BOOT & SADDLE

1131 S. Broad Street,
Philadelphia, PA 19147

Algiers

Algiers

Dark Blue

Sat, September 19, 2015

Doors: 8:00 pm / Show: 8:30 pm

The Boot & Saddle

Philadelphia, PA

$12.00

This event is 21 and over

Algiers
Algiers
The debut LP by Algiers is haunted by promises of the past: the rapturous call and response of millenarian gospel, the bellowing urgency of 60s protest soul, the scene-searching intensity of DC hardcore and the smeared viscosity of post-punk and no wave. After all, as Marx once said: "The tradition of all dead generations weighs like a nightmare on the brains of the living." But rather than revel in a state of nostalgia, the band wields these burdened visions to charge headlong into the future.

Over the album's eleven tracks, these three émigrés of the American Deep South lay waste to appropriators, oppressors, revivalists and the cultural shock troops of capitalism. Vocalist Franklin James Fisher's every shriek and incantation will take you from the sweaty fervor of Dennis Edwards-era Temptations through the righteous rebellion of Nina Simone to the solitary midnight howls of PJ Harvey. Shards of Lee Tesche's guitar, along with Ryan Mahan's bass pulses and synthesizer slashes, pierce through the processional, transforming neo-modernist hymns with explosions of foreboding and dread that evoke the vanguard of pop experimentation from Suicide to Roland S. Howard.

In an era when political subjectivity and human connectivity have been smashed to pieces by the demands of finance capital, Algiers has taken its stance: to maintain fidelity to these subversive spirits and trudge toward the light. While they may never arrive at their destination – consigned to a life of wandering – they conjure the dead sound to life in frightening new directions.
Dark Blue
Dark Blue
Dark Blue follow up their debut LP, ‘Pure Reality’, with ‘Start Of The World’ (12XU) – a soundtrack of a decaying United States. Each song drips with the realities of atrocities happening all around us ; John Sharkey III (Vocals, Guitar) pushes Dark Blue far beyond the post-punk meets oi sound they perfected on their earlier releases, and adds elements of brit-pop and shoegaze. Recorded by Jeff Zeigler (Kurt Vile, Nothing), ‘Start Of The World’ is a pop album that makes no apologies.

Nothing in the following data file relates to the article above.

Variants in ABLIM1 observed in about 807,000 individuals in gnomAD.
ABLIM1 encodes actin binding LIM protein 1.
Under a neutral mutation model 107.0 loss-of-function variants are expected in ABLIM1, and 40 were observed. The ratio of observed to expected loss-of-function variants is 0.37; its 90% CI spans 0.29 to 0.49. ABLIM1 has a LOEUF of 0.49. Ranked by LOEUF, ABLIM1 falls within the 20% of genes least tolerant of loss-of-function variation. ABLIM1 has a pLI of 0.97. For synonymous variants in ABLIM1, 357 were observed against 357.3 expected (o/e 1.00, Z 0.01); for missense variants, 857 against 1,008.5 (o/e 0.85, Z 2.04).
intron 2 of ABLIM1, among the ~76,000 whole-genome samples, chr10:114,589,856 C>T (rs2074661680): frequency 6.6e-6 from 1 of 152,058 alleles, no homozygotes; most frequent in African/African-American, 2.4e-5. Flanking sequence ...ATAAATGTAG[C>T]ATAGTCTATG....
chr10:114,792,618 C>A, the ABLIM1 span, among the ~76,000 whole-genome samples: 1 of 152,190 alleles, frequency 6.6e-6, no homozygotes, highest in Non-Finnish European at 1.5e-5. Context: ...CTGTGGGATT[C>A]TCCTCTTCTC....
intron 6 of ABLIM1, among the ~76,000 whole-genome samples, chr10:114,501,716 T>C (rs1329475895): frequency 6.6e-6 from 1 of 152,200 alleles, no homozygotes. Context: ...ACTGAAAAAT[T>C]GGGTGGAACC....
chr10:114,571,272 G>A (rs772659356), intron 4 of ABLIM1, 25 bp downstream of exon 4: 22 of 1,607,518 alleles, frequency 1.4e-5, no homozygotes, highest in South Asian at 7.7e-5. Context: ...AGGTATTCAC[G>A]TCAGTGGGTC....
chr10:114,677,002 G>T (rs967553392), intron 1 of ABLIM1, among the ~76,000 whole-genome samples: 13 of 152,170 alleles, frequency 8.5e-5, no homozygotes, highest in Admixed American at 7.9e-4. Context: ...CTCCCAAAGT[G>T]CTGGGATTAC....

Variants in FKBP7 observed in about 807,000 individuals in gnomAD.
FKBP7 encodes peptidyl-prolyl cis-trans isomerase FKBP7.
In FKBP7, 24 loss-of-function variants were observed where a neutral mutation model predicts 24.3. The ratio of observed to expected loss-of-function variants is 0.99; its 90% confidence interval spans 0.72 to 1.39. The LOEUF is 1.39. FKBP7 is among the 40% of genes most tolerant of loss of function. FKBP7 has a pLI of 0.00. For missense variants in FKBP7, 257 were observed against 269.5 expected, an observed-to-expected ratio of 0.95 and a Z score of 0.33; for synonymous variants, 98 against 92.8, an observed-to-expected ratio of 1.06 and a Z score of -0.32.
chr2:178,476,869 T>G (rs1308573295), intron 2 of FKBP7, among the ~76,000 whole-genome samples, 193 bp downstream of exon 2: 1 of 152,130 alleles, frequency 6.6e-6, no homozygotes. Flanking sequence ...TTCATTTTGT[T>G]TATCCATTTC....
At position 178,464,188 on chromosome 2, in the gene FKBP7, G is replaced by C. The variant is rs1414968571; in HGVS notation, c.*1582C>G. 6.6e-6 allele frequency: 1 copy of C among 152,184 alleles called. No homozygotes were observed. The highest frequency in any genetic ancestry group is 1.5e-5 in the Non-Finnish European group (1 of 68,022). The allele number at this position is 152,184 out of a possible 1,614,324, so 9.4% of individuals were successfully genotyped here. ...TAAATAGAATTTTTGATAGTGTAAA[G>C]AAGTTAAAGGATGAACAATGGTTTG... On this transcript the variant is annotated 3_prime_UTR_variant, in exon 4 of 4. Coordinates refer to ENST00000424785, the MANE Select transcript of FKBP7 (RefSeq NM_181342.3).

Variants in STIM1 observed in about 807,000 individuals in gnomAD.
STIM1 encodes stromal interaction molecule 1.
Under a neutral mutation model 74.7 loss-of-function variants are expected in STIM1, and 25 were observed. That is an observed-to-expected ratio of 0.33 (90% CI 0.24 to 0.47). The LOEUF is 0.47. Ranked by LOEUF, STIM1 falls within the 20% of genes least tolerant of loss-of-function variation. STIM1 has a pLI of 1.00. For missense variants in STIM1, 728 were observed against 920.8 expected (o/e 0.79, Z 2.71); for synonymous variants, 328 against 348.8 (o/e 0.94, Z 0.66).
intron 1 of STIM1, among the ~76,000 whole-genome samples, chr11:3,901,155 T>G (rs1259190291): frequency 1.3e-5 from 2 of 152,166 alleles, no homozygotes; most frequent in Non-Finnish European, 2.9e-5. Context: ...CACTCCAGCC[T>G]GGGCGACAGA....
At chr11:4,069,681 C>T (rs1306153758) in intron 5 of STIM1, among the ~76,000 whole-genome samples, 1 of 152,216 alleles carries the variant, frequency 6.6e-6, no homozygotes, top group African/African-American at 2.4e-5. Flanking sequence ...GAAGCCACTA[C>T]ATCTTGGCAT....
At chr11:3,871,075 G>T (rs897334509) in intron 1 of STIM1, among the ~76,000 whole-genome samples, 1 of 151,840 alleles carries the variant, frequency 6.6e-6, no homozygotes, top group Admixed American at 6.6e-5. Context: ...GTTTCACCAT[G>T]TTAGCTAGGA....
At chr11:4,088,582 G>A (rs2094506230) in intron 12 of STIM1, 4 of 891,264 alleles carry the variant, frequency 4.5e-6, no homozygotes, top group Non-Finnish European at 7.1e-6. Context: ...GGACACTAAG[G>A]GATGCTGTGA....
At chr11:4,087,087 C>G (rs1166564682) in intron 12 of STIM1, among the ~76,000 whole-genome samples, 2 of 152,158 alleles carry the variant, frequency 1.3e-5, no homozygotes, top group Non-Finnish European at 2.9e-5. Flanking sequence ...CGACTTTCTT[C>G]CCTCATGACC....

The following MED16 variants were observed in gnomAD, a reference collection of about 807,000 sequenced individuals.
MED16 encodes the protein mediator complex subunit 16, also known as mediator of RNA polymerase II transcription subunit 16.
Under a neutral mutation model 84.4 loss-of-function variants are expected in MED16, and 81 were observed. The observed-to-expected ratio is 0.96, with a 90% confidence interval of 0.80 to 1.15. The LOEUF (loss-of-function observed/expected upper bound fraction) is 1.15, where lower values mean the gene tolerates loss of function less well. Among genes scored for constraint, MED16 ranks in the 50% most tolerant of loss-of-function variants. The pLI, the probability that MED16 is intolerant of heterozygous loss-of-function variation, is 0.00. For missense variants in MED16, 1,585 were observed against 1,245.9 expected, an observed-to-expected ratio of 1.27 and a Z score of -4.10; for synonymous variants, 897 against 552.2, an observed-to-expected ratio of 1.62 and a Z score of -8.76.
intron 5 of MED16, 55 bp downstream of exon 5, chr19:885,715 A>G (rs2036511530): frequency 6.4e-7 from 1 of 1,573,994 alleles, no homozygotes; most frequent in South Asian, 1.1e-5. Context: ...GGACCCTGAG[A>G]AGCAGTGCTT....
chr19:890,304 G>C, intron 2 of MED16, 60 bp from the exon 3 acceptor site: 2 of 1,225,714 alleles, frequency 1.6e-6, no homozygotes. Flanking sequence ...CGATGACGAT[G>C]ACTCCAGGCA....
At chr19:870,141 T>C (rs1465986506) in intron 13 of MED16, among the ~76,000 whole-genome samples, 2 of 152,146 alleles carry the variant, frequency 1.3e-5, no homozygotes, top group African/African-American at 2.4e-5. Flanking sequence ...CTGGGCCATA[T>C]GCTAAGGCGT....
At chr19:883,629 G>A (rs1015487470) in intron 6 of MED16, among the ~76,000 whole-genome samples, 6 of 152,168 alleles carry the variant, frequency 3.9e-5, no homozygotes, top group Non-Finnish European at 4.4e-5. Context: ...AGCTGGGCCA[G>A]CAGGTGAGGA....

Boot stomping opener “Union of Buffoons,” sets the political tone for this album with an anthem for workers’ rights. Sharkey’s biting lyrics: “You can’t fight this, you can’t win…screw you once, they’ll screw you twice,” is a reference to human expendability in the face of deregulation and the stagnancy of labor rights. “Never Wanted to Hurt You” is a pop song in the highest order with guts and an undeniable chorus that would make Noel Gallagher jealous even at his most jaded.

The 50′s doo-woop and surf rock sound of “Bombs on the Beach” initially feels like a left turn for the band, evoking a playful innocence against a sunny backdrop. But the lyrics prove this is truly a Dark Blue song, tearing through any cheerfulness as jarring and abrupt as words can be to describe the reality of dropping missiles on a beach of unsuspecting Palestinian children. Sharkey’s voice is heavy with the despair of survivor’s guilt: “Now I’m holding my baby’s hand, as he lies bleeding to death in the sand.” This is another pointed song full of sentiment as much as it is an impassioned call for accountability for the crimes against humanity in the Gaza Strip.

While this album shows off new and varying degrees of Sharkey’s vocal intensity, Andrew Mackie Nelson (Bass, Ceremony) and Michael Sneeringer (Drums, Strand of Oaks) shine, guiding the songs in ways other releases haven’t shown before . Tracks such as “Be Gone Everyone” and “Western Front” underscore just how comfortable the band has gotten.

‘Start Of The World’ is the kind of record that Dark Blue has always promised: a collection of smart, fully realized songs that tell real stories. With the world falling apart around us, Dark Blue continues to give voice to neglected perspectives, many unnerving but all necessary to hear. We need a defiant record like this to remind us that just as there was start to all of this destruction, there can also be an end. – Sean Gray.
Venue Information:
The Boot & Saddle
1131 S. Broad Street
Philadelphia, PA, 19147
http://www.bootandsaddlephilly.com